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Friday 29 May 2009

Non-English blog roundup #12

[Sitting around since last year...]

Bambou (French) writes about Wikimini, a Wikipedia-like project written by kids for kids: 8-13 years old. It was conceived by a teacher as a pedagogical tool.

Penser le futur (French) writes about the ease of amending incorrect data on Amazon - [not quite as immediate as Wikipedia perhaps, but] it only took clicking a button, adding details, and waiting while Amazon verified it - a few days later Amazon even sent an email explaining why some of the changes had been accepted and others left alone.

Frank den Hollander (Dutch) points to the experimental PurpleSearch (English) at the University of Groningen. PurpleSearch is a federated search engine that doesn't require users to select which databases to search - instead it parses the search keywords to guesstimate at which will give the best results.

And if you're interested in non-English blog posts you may be interested in LibWorld - library blogs worldwide, a book version of the essays on InfoBib.

[More recently...]

Vagabondages (French) lists French and francophone library twitter accounts and Biblioroots lists accounts for librarians, bibliobloggers, authors, editors, booksellers and more librarians as well as general information and technology accounts.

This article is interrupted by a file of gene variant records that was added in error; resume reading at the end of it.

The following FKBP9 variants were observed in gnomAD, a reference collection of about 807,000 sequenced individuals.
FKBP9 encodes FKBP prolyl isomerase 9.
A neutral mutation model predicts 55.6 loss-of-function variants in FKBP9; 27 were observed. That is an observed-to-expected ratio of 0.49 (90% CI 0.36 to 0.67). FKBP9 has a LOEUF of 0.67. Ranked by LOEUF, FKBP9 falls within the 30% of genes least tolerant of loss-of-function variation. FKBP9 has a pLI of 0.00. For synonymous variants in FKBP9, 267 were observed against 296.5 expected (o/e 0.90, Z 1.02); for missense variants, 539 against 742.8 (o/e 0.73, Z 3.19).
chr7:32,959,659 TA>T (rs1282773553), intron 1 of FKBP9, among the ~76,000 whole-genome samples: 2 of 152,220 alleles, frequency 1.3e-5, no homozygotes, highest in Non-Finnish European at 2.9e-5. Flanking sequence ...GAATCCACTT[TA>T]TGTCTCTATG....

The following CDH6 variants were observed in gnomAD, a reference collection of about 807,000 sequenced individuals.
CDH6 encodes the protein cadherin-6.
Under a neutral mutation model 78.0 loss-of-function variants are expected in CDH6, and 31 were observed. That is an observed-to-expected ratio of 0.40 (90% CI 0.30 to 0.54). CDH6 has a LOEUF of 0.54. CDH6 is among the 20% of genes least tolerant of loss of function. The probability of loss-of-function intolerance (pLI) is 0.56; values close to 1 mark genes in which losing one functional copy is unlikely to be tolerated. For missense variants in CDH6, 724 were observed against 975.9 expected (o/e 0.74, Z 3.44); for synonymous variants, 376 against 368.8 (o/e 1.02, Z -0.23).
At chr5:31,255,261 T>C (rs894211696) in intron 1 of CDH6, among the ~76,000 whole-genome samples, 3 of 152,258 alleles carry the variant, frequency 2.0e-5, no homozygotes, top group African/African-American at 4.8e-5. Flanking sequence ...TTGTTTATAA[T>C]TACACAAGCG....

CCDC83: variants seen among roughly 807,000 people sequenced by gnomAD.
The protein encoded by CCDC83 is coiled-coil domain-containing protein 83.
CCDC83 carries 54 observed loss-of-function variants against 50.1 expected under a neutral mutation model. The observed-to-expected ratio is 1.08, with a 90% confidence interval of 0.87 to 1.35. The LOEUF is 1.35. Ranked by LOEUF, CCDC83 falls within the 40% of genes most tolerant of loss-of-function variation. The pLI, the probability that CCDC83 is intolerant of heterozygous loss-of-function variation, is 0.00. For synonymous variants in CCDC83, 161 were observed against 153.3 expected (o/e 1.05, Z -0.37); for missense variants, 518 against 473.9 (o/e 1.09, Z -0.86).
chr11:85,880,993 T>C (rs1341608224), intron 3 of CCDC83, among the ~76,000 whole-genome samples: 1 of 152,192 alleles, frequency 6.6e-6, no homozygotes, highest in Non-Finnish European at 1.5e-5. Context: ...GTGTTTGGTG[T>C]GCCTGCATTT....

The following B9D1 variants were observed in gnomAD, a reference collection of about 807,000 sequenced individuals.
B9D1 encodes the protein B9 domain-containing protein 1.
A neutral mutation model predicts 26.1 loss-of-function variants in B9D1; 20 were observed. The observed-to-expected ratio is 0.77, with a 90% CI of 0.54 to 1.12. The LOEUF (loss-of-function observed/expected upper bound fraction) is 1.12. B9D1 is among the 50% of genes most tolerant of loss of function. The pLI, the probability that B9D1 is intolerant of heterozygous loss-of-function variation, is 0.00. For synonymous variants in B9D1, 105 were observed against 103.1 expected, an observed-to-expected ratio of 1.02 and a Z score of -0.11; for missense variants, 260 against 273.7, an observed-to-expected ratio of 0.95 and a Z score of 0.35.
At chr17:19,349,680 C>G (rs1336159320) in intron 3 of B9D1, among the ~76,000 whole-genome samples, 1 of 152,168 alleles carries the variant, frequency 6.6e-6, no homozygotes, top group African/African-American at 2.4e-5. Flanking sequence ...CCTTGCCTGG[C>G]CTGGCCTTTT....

Erik Høy on Biblog (Danish), inspired by Google promoting short videos of its employees introducing themselves, suggests that librarians could do the same.

Links of interest 29/5/09 (with added cat)

Mosman Library, NSW, is running a "Mosman Library vs That Search Engine" challenge where the library e-collection is pitted against Google and free e-resources. Each librarian has 45 minutes to research, then 45 minutes to write up their search strategy and answer; then the public can vote on who's given the best answers (and explain why they made that choice). So far they're on day 4 of 5 rounds.

S92A of the Copyright Act is coming back - the government will begin a review to amend the controversial section that was repealed earlier this year thanks to Creative Freedom NZ protests.

Mary Ellen Bates writes about resisting budget cuts:
"the next time the library budget was cut, the first thing I eliminated was the popular daily news digest. I announced to all the readers why it was being "suspended", and asked for their comments on whether this service should be re-funded. Sure enough, it didn't take long before I had the budget restored. It's not a pretty process, but neither is eating into the behind-the-scenes budget and not allowing library clients to see the impact of the lost funding." has been launched in the USA "to increase public access to high value, machine readable datasets generated by the Executive Branch of the Federal Government."

VUW library and student association are holding a joint fundraiser for the library cat, which underwent expensive surgery for diabetes.

Tuesday 19 May 2009

Links of interest 19/5/09